Archeologists have unearthed 19 anthropomorphic wooden statues in Chan Chan, an abandoned city (and now archeological site) north of Lima, Peru. The statues are thought to be more than 750 years old, making them the oldest icons found in that region.
The Peruvian Ministry of Culture provided a press release explaining the find on Monday.
A team of archeologists discovered the figures tucked into tiny alcoves lining a corridor that led to an intricately decorated ceremonial courtyard or plaza. Each is just 70 centimeters (28 inches) high and remains in good condition. While some appear to be holding staff and shields, others are decapitated. Those with the head still intact don slightly sinister-looking, beige-colored clay masks.
The rest of the corridor was decorated with high relief drawings, emblazoned in wave and zoomorphic motifs, including felines and lunar animals. According to the Ministry, this is the first entry corridor to a ceremonial courtyard fully decorated in mud reliefs to be found in Chan Chan.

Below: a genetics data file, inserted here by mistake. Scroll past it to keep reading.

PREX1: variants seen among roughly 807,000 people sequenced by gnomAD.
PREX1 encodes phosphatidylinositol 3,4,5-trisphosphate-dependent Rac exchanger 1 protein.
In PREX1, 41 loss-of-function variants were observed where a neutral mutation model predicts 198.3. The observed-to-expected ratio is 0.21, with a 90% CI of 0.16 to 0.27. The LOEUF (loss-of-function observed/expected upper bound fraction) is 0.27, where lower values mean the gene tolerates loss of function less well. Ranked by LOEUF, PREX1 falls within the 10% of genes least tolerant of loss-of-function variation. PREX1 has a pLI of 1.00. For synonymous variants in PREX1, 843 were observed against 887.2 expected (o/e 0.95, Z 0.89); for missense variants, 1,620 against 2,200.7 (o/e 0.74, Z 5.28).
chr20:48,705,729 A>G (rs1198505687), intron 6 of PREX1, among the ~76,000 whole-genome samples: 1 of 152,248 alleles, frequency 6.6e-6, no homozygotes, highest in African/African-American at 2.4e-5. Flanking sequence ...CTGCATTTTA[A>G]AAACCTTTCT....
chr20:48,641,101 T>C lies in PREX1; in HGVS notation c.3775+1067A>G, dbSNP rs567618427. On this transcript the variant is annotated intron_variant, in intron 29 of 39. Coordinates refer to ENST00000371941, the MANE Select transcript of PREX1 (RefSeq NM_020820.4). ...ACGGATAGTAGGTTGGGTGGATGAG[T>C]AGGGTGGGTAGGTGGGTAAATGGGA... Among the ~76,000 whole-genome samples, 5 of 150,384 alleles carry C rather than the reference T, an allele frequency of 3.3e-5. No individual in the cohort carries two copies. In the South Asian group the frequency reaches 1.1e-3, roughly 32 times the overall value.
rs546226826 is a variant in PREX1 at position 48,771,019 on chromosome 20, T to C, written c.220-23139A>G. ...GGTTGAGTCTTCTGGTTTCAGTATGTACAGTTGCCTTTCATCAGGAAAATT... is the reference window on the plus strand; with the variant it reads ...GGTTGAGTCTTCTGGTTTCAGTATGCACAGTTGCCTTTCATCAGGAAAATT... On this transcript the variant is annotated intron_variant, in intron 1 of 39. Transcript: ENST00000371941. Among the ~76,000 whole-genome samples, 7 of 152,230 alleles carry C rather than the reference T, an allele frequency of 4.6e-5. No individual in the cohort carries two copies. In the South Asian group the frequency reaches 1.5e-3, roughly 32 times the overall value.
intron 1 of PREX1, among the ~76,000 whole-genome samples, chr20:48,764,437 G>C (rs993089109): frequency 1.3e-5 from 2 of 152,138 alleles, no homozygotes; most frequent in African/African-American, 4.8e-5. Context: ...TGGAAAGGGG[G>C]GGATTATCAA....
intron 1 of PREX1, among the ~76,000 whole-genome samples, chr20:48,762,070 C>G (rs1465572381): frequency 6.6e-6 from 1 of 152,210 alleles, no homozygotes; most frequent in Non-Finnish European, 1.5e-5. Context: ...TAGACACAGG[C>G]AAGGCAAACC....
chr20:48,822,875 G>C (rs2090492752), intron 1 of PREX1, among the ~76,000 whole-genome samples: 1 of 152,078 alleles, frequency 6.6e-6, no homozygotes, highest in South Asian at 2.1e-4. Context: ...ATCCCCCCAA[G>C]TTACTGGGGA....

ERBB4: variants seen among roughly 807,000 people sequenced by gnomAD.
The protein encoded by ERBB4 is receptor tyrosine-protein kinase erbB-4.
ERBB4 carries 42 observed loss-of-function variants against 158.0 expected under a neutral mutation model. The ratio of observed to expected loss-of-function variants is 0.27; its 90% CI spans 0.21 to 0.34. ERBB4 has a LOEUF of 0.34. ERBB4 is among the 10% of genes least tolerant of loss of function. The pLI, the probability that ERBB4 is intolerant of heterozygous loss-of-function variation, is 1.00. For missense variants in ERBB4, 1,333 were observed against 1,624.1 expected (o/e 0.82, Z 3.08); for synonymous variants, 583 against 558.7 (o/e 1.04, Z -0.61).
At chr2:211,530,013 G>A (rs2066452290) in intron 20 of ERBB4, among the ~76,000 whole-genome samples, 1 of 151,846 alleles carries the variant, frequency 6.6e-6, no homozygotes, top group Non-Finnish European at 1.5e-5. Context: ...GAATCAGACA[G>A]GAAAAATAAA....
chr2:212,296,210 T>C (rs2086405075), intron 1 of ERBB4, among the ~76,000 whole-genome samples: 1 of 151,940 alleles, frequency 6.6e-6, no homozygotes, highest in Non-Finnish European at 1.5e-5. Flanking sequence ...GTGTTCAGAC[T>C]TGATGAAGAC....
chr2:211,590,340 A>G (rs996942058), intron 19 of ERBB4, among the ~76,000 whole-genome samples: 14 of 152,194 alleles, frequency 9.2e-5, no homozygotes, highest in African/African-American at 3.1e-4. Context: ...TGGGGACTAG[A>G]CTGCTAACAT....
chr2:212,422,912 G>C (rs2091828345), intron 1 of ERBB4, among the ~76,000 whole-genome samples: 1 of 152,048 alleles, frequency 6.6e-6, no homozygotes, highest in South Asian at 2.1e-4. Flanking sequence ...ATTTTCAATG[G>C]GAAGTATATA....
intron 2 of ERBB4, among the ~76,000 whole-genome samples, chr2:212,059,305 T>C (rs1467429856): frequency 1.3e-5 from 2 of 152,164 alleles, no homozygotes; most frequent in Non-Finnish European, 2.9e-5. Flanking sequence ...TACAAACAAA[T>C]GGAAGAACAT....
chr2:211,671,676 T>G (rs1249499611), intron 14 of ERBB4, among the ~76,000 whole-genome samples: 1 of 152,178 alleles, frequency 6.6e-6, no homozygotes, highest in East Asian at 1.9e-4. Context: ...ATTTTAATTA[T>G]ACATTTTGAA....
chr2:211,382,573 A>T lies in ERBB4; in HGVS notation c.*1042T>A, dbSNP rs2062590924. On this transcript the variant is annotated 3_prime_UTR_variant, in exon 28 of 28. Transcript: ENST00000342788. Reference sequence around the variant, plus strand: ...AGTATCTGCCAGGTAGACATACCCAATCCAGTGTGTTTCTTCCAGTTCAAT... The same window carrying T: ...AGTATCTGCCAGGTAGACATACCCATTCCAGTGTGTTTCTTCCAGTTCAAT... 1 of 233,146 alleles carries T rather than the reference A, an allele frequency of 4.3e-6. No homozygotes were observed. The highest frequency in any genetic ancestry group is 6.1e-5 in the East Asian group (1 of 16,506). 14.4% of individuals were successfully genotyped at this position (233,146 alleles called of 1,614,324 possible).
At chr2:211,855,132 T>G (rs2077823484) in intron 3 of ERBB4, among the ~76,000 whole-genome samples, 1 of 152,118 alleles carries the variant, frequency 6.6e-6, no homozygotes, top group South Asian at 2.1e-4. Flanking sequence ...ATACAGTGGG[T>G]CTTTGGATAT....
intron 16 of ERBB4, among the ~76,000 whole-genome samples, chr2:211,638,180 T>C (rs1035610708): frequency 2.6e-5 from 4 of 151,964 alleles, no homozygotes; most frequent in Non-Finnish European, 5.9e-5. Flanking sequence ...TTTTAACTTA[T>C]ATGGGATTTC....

Today, it is a UNESCO world heritage site, but back in the 15th century, Chan Chan was the busy, wealthy capital of the Chimú Kingdom. It is thought to be the largest city in pre-Columbian America, measuring 20 square kilometers (7.7 square miles) in total. In the center of the metropolis, there were six autonomous "citadels" or "palaces", which together formed an area of 6 square kilometers (2.3 square miles). Within each of these units, the Chimú people built temples, dwellings, and storehouses.
From this base, its ruler – the Chimú monarch – ran an empire that extended 970 kilometers (603 miles) from a place just south of Ecuador to central Peru. Society was strict and hierarchical based on the premise that humans were not born equal. According to the Smithsonian, the Chimú believed the Sun populated the world with three eggs: one gold (for the ruling elites), another silver (for their wives), and the third copper (for everyone else).
The Chimú Kingdom (and the city of Chan Chan) reached its apex in the 15th century when an estimated 60,000 lived in the capital. However, it was not long after this that things came crashing down for the Chimús. The Incas came and conquered, tearing the empire to pieces before stealing the city's skilled craftsmen and taking them back to their capital, Cuzco.
But archeologists believe these particular statues predate the Chan Chan culture. According to Reuters, they may come from 1,100 CE.